Other migrant birds visit your backyard during the “winter.” Some of these winter visitors may arrive in July and remain into April. Others may only be found in the cold of December or January. They key here is that they nest and raise their young somewhere else. They only visit your yard in the non-breeding season.

Migration is an amazing spectacle. There will be birds that fly through your region in spring or fall (or both). They may visit your backyard only a few days or weeks a year. They aren't regular enough, or stay long enough, to be included in this article. But the number of briefly visiting migrant birds could double the number of species presented here. You may see them over time. Consult checklists in eBird for your county to see what is possible.

I have generally excluded common waterfowl, birds of prey, shorebirds, seabirds, and others that aren't usually found in residential areas. But they may certainly fly over, or be seen regularly if your home is on a shoreline, for instance.


Most common backyard birds in West Virginia throughout the year


The following list is the backyard birds that are, on average, most common throughout the entire year. The list is ordered by most common based on the frequency of how often each species is recorded on checklists submitted to eBird.


The most common backyard birds throughout the year in the state of West Virginia, in order, are these:

  1. Northern Cardinal (50% frequency)
  2. American Crow (49%)
  3. Blue Jay (45%)
  4. American Robin (41%)
  5. Song Sparrow (41%)
  6. Tufted Titmouse (41%)
  7. Mourning Dove (37%)
  8. American Goldfinch (37%)
  9. Carolina Wren (34%)
  10. Downy Woodpecker (31%)
  11. Red-bellied Woodpecker (31%)
  12. European Starling (30%)
  13. White-breasted Nuthatch (30%)
  14. Carolina Chickadee (27%)
  15. Eastern Towhee (26%)
  16. Red-winged Blackbird (21%)
  17. Eastern Bluebird (20%)
  18. House Sparrow (20%)
  19. House Finch (20%)
  20. Pileated Woodpecker (19%)
  21. Northern Flicker (19%)
  22. Dark-eyed Junco (18%)



Most common backyard birds in West Virginia in winter


The following list is the backyard birds that are most common in winter. The list is ordered by most common based on the frequency of how often each species is recorded on checklists submitted to eBird.


The most common backyard birds in West Virginia in winter (December through February) are these:

  1. Northern Cardinal (49% frequency)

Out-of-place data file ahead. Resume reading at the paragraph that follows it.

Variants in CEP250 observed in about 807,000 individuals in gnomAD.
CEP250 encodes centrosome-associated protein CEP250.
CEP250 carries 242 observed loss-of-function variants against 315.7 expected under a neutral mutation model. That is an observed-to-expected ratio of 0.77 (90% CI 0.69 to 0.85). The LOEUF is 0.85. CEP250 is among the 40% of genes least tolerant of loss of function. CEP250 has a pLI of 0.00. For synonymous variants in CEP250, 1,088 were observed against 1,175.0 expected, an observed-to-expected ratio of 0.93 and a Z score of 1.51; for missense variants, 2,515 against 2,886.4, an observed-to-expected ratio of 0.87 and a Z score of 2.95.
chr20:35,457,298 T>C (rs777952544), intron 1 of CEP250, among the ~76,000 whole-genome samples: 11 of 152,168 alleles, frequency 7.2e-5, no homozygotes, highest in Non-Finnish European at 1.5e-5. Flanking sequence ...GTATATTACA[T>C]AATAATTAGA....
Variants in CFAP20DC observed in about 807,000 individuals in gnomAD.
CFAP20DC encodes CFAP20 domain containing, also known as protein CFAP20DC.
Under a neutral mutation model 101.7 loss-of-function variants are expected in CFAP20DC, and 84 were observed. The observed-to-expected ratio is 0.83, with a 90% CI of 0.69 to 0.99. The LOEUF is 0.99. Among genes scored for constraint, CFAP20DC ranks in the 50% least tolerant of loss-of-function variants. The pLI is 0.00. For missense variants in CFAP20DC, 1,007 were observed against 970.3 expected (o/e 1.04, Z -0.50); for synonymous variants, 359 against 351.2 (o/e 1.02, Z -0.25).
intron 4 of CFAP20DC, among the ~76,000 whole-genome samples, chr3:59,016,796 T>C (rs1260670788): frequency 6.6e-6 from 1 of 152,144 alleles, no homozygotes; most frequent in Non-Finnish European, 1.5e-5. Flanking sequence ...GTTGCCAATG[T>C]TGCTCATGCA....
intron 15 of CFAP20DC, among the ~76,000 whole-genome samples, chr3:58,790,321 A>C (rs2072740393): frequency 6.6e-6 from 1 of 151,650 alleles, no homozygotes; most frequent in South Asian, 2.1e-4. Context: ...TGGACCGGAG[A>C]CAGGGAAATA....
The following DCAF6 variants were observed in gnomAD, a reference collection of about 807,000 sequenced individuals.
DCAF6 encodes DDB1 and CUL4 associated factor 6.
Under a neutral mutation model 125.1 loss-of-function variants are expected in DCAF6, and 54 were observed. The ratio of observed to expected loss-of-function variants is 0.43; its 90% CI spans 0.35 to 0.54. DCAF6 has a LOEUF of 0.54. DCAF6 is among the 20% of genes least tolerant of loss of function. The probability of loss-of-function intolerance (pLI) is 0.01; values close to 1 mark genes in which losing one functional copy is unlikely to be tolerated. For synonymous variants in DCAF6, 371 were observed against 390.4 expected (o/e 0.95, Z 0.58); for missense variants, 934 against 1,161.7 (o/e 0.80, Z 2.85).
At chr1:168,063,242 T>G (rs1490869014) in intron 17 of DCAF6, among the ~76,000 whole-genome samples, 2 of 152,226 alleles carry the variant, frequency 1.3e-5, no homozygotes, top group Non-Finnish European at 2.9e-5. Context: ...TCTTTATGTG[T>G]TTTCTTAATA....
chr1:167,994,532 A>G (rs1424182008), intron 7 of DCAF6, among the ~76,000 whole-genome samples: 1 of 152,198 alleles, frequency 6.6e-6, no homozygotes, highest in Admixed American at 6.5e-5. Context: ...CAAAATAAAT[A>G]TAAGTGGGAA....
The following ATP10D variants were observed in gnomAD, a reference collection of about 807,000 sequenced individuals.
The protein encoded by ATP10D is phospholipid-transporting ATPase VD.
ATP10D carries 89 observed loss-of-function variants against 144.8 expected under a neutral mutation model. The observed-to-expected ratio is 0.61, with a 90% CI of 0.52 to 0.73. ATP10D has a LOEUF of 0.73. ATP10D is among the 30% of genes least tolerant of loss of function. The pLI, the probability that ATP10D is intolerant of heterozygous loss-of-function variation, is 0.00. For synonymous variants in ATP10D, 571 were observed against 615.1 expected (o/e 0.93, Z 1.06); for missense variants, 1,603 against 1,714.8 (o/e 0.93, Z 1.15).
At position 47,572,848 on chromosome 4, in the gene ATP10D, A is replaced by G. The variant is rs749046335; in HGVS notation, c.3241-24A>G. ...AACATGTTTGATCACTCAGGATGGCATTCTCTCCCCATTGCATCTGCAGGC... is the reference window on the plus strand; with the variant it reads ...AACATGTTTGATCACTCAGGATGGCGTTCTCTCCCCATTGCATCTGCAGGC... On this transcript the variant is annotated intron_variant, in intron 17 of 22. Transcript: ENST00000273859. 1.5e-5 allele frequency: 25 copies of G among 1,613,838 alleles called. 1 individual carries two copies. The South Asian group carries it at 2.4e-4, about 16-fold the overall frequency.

2. American Crow (47%)
  3. Tufted Titmouse (42%)
  4. Downy Woodpecker (38%)
  5. Blue Jay (38%)
  6. Song Sparrow (36%)
  7. White-breasted Nuthatch (36%)
  8. Dark-eyed Junco (34%)
  9. Carolina Wren (33%)
  10. Mourning Dove (32%)
  11. Red-bellied Woodpecker (32%)
  12. European Starling (30%)
  13. Carolina Chickadee (28%)
  14. American Goldfinch (28%)
  15. White-throated Sparrow (23%)
  16. House Sparrow (22%)
  17. House Finch (21%)



Most common backyard birds in West Virginia in summer


The following list is the backyard birds that are most common in summer (June and July). The list is ordered by most common based on the frequency of how often each species is recorded on checklists submitted to eBird.


The most common backyard birds in West Virginia in summer (June and July) are these:

  1. American Robin (61% frequency)
  2. Northern Cardinal (47%)
  3. Song Sparrow (46%)
  4. American Crow (45%)
  5. American Goldfinch (44%)
  6. Eastern Towhee (43%)
  7. Mourning Dove (42%)
  8. Red-eyed Vireo (41%)
  9. Blue Jay (40%)
  10. Indigo Bunting (39%)
  11. Gray Catbird (35%)
  12. Chipping Sparrow (33%)
  13. Tufted Titmouse (31%)
  14. Carolina Wren (30%)
  15. European Starling (30%)
  16. Cedar Waxwing (29%)
  17. Barn Swallow (28%)
  18. Wood Thrush (25%)
  19. Eastern Phoebe (24%)
  20. Common Grackle (24%)
  21. Scarlet Tanager (24%)
  22. Red-bellied Woodpecker (23%)
  23. Eastern Bluebird (23%)
  24. White-breasted Nuthatch (22%)
  25. Eastern Wood-Pewee (22%)
  26. Downy Woodpecker (21%)
  27. Ruby-throated Hummingbird (21%)
  28. Chimney Swift (21%)
  29. Field Sparrow (20%)
  30. House Sparrow (20%)


How do birds differ between winter and summer?

Tufted Titmice, Downy Woodpeckers, White-breasted Nuthatches, Dark-eyed Juncos, White-throated Sparrows are more common in winter.